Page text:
Shroyers building sold for $1
SHAMOKIN - A building long considered an eyesore to its immediate Bunker Hill neighbors and a general pain for city officials has surprisingly been purchased.
The historic and long dilapidated Shroyer Building was bought June 20 from the Northumberland County repository list for $100 by a Massachusetts woman.
Stella P. Alli said she looked at the building at 1008-1010 N. Shamokin St. before submitting a sealed bid for the property, and said herself it needs a lot of work.
As the old saying goes, beauty is in the eye of the beholder.
"God help me," Alli said by telephone Wednesday, laughing while speaking of the task at hand. "There's a lot on my plate."
Rick Bozza, city code officer, said as much but with much more pessimism.
"That building is very deplorable. The roof on the northeast end is completely caved in. The east side of the building is really ready to fall down. The inside wooden floors are all buckled," he said Saturday.
"There's spots inside the building where there's actually inches and feet of water," he said.
Fixing it would be costly, he said, but "anything can be repaired."
Quick look back
The former Shroyer building takes up a full block east to west between Shamokin and Rock streets and a half-block north to south between Cameron and Packer streets.
The city has long eyed the building for demolition but to no avail.
Commonly referred to as Shroyers, it had been home to Shamokin Dress Company and closed in the fall of 1984 after 70 years in business. The business was originally called Climax Dress Manufacturing Company, which produced house dresses. The Shamokin Dress Company was incorporated in the 1930s. During the 1950s, the business employed more than 600 people.
On Sept. 27, 1984, Shamokin Dress Company president John E. Shroyer announced the factory would close, affecting 250 employees. A portion of a written statement, signed by Shroyer and secretary George W. Shroyer, was read to employees at an emotional meeting: "After much discussion with our accountants and our legal advisers, we have concluded that the Shamokin Dress Company can no longer service in the very competitive apparel market."
Alli now lives in Fall River, Mass. She's a registered nurse and says she's accepted a job at an area nursing home and is patiently waiting for her Pennsylvania state license.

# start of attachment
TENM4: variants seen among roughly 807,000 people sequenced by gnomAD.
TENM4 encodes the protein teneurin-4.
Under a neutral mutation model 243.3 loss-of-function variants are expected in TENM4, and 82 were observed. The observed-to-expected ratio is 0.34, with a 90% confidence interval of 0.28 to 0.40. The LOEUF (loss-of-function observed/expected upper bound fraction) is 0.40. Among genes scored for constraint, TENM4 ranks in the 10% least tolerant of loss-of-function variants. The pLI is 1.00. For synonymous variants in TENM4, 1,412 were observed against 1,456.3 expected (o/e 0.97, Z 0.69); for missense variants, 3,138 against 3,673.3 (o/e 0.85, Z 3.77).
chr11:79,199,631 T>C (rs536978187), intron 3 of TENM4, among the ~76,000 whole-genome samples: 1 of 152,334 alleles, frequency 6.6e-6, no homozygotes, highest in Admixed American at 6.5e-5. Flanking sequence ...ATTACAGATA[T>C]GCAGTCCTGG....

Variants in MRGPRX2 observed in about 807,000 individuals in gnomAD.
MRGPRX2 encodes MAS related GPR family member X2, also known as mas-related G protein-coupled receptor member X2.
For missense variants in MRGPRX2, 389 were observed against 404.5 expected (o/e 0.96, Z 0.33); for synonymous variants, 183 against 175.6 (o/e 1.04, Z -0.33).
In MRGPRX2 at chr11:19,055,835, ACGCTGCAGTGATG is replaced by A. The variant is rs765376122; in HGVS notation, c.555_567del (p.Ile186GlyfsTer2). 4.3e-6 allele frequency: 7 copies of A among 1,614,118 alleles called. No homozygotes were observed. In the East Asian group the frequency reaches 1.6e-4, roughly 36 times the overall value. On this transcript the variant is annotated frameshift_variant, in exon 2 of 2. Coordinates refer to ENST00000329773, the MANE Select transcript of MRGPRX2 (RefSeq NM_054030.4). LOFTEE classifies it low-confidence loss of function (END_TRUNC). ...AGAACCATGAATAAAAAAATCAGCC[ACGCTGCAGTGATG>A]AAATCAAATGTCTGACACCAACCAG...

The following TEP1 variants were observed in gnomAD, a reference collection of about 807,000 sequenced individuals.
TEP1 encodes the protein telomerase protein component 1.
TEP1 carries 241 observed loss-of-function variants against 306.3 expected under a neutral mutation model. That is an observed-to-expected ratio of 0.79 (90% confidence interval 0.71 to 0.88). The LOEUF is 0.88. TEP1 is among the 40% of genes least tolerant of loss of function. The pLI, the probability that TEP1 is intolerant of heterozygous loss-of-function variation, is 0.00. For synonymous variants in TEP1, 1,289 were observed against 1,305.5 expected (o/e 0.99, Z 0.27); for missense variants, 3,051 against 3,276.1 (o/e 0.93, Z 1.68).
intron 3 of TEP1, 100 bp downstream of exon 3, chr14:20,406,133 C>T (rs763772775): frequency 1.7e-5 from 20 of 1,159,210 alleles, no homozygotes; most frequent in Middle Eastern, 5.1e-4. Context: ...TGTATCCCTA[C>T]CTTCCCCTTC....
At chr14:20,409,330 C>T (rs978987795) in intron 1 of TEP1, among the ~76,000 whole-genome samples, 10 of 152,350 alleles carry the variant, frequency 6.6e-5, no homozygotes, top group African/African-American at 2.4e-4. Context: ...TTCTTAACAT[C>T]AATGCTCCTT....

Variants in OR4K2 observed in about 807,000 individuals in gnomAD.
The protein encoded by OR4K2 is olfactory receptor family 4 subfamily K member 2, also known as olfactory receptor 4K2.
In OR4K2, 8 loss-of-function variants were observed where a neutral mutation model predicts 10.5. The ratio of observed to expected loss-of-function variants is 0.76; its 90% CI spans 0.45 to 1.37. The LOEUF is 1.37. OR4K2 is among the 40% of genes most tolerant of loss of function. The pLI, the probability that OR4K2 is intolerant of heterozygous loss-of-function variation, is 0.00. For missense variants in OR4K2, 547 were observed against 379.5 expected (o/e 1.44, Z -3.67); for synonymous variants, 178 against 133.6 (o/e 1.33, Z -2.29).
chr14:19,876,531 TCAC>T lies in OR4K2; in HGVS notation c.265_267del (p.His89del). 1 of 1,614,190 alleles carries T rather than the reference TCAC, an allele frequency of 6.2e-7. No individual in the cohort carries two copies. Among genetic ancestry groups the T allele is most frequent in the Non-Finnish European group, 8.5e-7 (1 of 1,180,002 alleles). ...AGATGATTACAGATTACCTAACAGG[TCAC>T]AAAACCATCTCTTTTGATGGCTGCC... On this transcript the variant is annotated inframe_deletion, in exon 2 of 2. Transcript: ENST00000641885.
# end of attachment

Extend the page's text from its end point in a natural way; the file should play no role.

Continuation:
She discovered the Shamokin area while looking for a new place to live. She said she was searching for a "cheaper, nicer and safer" town.
Some might say she was savvy enough to go through the county tax claims in search of a cheap place to purchase. In her case, it's "places," because she also purchased a property in Mount Carmel, the former Turner's Cafe at 248-250 W. Second St. That property, too, is believed to be in rough shape.
She sees promise in both buildings, and fixing up such properties would be a first for her, she said.
Both buildings have been through county upset and judicial sales without any takers. They were moved to the repository list, which is available in the county administrative building and also online. A minimum bid is $100 and all bids are sealed. The bids were opened May 31 and the sales processed June 20.
Alli envisions the Mount Carmel property as her residence. At the Shamokin property, she sees a soup kitchen in one part; but it's a big building which she believes is open to many other possibilities.
"Because I like to cook for community, I'm thinking a soup kitchen. Some part of it could be a retail business. I need to clean it up first and see what I can do," she said.
"It'd be nice to have an established soup kitchen because I know the city needs a lot of help," she said.
Alli had plans to meet Thursday with local contractors on estimates to get the building repaired. To what extent wasn't clear.